Foodservice Equipment Reports

SPECIAL REPORT: Operators Look To Regain Footing

You know it’s a tough environment when reports of sustained soft sales and slightly improved operator optimism are the best headlines on the page. But that’s what we were looking at as the last months of 2011 came into view.

The National Restaurant Association’s Restaurant Performance Index for October told part of the story. October marked the fifth consecutive month of net positive same-store sales, though growth remained sluggish. Operators reported a net positive outlook for the economy for the first time in four months, and their outlook for capital spending rose for the third consecutive month, with 45% saying they planned to make a capital expenditure over the next six months.

Positive signs, and it took quite some time to get here. Since ’07, operator real sales have declined more than 10%, which translates into losses of nearly $60 billion after menu inflation. And several months during mid ’11 brought troubling declines in confidence, particularly after the debt-ceiling crisis. Now we’re looking at estimated real gains of just 0.1% for ’11 and 0.3% for this year, according to Technomic, the Chicago firm tasked with tracking this and other industry data.

“The restaurant operating environment this year will basically be a continuation of last year’s conditions, so we can expect to see continued moderate sales growth,” says Hudson Riehle, senior v.p. of research for the National Restaurant Association. “While we won’t see a rebound to prosperity in the immediate future, the longer term outlook is heading in the right direction.”

The Consumer Conundrum

Task number one may be to draw Americans back into restaurants. Rattled by political drama, a roiling stock market and thin wallets, consumers pulled back across all segments. According to The NPD Group’s CREST research, ’11 restaurant traffic fell to its lowest level since ’05, with midscale and casual dining hit the hardest.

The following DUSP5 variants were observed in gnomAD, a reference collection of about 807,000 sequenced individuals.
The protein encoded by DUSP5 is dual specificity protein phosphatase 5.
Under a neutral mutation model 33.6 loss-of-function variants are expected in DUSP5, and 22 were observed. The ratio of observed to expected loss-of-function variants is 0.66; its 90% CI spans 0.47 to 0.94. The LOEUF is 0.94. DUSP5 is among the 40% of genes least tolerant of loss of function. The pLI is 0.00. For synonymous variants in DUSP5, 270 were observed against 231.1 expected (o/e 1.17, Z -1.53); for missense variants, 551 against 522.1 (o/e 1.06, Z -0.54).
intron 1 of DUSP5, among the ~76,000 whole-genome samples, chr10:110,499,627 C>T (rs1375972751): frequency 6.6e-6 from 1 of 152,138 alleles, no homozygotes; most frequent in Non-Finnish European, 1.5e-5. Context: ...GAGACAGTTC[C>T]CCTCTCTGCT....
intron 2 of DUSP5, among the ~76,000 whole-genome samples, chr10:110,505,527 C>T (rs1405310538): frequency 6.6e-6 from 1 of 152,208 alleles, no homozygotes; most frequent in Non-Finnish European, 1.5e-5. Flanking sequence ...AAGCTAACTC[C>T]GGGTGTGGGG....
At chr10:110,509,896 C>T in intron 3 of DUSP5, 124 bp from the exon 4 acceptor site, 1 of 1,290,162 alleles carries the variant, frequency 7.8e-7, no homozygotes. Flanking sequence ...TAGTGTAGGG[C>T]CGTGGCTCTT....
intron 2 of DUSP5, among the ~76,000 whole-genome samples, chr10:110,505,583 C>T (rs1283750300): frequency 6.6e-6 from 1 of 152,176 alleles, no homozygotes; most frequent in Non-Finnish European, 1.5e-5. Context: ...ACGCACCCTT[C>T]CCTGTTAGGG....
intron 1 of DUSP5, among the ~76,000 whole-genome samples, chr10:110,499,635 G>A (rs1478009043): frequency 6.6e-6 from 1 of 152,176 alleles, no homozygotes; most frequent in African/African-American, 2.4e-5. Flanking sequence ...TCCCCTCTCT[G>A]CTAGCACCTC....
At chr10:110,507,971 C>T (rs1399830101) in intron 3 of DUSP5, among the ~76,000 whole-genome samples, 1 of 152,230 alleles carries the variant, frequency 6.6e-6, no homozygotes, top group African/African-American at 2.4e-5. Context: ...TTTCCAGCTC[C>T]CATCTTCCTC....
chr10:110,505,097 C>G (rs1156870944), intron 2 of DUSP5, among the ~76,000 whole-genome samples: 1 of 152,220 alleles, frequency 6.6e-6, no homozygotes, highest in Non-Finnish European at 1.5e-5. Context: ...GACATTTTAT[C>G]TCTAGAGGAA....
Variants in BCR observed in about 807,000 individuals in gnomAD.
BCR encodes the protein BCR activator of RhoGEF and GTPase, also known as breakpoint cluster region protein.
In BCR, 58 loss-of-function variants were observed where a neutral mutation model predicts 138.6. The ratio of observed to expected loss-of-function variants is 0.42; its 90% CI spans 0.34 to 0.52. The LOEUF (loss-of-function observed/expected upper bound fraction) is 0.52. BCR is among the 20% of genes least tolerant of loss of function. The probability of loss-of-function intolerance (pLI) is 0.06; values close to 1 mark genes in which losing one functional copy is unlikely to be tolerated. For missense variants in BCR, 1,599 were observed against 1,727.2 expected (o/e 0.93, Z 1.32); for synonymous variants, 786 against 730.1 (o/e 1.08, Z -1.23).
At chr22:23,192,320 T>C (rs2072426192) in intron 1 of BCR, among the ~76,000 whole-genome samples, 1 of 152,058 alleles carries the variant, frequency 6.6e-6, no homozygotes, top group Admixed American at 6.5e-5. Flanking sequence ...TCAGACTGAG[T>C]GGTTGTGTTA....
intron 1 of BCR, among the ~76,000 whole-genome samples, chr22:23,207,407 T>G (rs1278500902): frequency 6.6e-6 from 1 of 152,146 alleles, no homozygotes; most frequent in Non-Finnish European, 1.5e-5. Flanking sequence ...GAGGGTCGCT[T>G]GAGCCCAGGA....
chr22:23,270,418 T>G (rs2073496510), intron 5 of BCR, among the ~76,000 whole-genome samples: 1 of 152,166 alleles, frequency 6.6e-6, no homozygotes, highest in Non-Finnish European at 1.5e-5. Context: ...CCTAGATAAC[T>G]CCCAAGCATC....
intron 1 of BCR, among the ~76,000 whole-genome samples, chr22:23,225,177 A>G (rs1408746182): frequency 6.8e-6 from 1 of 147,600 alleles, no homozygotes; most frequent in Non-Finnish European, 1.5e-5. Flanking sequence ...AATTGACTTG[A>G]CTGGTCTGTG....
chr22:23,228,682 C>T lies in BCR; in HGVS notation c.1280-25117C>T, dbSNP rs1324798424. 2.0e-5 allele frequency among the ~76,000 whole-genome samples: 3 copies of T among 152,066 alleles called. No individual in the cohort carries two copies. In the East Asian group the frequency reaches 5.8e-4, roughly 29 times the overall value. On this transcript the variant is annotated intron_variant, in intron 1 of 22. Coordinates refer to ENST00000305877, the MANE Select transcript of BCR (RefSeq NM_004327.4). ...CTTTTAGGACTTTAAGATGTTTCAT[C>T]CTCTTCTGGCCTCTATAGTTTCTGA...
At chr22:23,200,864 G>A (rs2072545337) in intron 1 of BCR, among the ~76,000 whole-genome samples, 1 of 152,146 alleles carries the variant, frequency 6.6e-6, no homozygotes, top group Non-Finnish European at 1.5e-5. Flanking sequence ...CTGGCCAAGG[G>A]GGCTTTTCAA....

Of course the stubborn unemployment rate was partly to blame for reduced traffic. With the national rate of unemployment hovering at or above 9% for much of ’11, millions of Americans simply didn’t have the disposable income to eat out.

Among those with jobs, restaurant visits may have been curbed by a steady stream of worrisome economic and political news. But there are signs that consumers may be tuning out the worst of it. On Nov. 29, the Conference Board said its Consumer Confidence Index had climbed 15 points in November to land at 56. That’s a boost to be sure, but the index still sits far below the level of 90 that indicates solidity in the economy.

“The good news is that there’s substantial pent-up demand for restaurant services, with two out of five Americans saying they are not using restaurants as often as they would like” on a daily basis, Riehle says. “Once national employment and disposable income pick up, that demand is likely to translate into strong restaurant sales growth.”

Managing Rising Costs, Closures

Meanwhile, operators have been juggling their own challenges. The run-up in wholesale food prices has created price pressures and cut into margins, and many ops are raising menu prices without knowing how that will impact sales in the long run.

And the recession’s aftereffects continue to cause unit closures. NPD’s ReCount census at the year ended September ’10 showed a net loss of more than 5,200 units, and by spring ’11 the closures had risen to 9,450. But note that nearly all of the closed units during this period were independent restaurants. Unit consolidation continues for the larger chains, especially those in quick service.

Where Do We Go From Here?

The largest chains continue to focus on two growth strategies: domestic renovations to stimulate sales, and overseas expansion. Some big chains are now tearing down and rebuilding as many units as they’re building new. Many noncommercial operations are renovating as well, particularly in corrections, healthcare and school foodservice. Ultimately the goal is to boost same-store sales with more attractive and upgraded environments.

On the international side, more than 150 of the Top 500 chains now have international units, according to Technomic, and there’s been a surge in non-U.S. casual-dining expansion. Chains also are focused on Eastern Europe and the Middle East in addition to Brazil, China and Turkey.

One key issue looms large on operator radar screens: the ’10 healthcare law, which is scheduled to go into full effect in ’14. Several challenges to the law have sprung up, and the U.S. Supreme Court has agreed to hear one of those challenges beginning in March. For now operators will have to live with the uncertainty of how the legislation might affect their future bottom lines.

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